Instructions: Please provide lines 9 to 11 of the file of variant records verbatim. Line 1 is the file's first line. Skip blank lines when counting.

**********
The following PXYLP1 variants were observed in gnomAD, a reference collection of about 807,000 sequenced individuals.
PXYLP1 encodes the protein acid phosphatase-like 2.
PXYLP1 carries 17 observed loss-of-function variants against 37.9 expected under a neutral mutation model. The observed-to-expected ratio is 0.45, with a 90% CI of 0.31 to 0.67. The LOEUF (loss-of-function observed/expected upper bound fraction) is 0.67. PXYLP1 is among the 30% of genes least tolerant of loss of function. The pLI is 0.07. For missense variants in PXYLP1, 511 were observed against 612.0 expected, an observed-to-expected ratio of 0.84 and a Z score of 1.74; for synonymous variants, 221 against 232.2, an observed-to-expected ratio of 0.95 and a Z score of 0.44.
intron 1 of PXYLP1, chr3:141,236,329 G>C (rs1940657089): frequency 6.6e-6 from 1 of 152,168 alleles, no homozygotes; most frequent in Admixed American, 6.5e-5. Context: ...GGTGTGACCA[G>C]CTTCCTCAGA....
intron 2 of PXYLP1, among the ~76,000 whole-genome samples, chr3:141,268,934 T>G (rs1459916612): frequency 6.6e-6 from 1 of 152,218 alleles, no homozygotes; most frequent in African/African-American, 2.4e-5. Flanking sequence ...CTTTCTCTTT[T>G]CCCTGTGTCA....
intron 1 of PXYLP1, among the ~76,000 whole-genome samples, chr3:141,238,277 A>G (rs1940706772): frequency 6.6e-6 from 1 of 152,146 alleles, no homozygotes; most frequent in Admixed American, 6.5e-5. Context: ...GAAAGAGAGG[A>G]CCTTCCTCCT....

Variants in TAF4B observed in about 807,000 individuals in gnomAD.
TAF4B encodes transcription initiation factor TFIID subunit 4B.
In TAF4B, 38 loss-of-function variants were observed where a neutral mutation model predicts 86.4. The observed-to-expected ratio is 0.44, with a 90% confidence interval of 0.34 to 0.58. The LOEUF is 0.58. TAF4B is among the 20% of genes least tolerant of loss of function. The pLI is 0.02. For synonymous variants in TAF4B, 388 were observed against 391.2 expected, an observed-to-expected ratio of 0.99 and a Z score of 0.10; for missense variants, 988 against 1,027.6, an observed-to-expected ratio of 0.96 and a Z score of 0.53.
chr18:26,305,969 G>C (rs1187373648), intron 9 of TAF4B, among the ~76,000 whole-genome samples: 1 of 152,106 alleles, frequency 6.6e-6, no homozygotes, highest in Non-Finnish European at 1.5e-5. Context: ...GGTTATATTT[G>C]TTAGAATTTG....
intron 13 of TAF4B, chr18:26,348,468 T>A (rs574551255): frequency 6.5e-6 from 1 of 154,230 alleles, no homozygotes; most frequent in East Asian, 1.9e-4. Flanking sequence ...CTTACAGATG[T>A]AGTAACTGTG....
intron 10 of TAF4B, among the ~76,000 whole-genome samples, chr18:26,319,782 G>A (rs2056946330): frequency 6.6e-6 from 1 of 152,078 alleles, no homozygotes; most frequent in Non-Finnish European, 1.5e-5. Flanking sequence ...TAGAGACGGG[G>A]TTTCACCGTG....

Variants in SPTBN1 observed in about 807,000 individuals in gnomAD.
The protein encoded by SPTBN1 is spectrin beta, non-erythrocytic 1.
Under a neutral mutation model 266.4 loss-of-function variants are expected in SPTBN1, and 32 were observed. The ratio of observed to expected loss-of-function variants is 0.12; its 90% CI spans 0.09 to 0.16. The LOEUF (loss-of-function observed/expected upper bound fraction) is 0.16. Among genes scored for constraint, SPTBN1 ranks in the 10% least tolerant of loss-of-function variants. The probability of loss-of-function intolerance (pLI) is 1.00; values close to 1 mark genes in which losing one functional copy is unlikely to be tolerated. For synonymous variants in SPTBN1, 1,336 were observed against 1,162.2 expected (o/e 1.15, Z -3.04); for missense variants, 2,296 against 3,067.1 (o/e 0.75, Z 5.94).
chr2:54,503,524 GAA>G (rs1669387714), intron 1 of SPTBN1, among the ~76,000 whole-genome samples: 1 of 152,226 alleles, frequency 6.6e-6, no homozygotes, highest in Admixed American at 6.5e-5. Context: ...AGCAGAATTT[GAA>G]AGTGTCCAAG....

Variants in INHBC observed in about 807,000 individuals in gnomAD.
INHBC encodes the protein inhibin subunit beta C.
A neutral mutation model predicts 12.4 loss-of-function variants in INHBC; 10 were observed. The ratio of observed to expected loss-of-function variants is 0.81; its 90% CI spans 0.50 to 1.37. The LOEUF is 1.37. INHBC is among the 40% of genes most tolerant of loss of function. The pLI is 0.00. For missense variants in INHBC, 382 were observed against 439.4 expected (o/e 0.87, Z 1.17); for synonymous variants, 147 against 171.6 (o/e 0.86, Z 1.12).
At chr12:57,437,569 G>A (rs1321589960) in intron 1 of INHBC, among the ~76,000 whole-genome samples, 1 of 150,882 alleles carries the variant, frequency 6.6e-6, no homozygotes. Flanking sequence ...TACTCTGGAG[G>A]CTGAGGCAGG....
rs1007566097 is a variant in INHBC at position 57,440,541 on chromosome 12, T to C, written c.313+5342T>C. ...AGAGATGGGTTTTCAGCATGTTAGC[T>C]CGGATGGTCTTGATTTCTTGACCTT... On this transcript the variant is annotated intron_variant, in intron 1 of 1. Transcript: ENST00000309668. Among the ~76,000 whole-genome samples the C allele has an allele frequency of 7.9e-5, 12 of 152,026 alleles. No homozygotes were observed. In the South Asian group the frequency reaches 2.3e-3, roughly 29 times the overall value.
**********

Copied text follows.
In TAF4B, 38 loss-of-function variants were observed where a neutral mutation model predicts 86.4. The observed-to-expected ratio is 0.44, with a 90% confidence interval of 0.34 to 0.58. The LOEUF is 0.58. TAF4B is among the 20% of genes least tolerant of loss of function. The pLI is 0.02. For synonymous variants in TAF4B, 388 were observed against 391.2 expected, an observed-to-expected ratio of 0.99 and a Z score of 0.10; for missense variants, 988 against 1,027.6, an observed-to-expected ratio of 0.96 and a Z score of 0.53.
chr18:26,305,969 G>C (rs1187373648), intron 9 of TAF4B, among the ~76,000 whole-genome samples: 1 of 152,106 alleles, frequency 6.6e-6, no homozygotes, highest in Non-Finnish European at 1.5e-5. Context: ...GGTTATATTT[G>C]TTAGAATTTG....
intron 13 of TAF4B, chr18:26,348,468 T>A (rs574551255): frequency 6.5e-6 from 1 of 154,230 alleles, no homozygotes; most frequent in East Asian, 1.9e-4. Flanking sequence ...CTTACAGATG[T>A]AGTAACTGTG....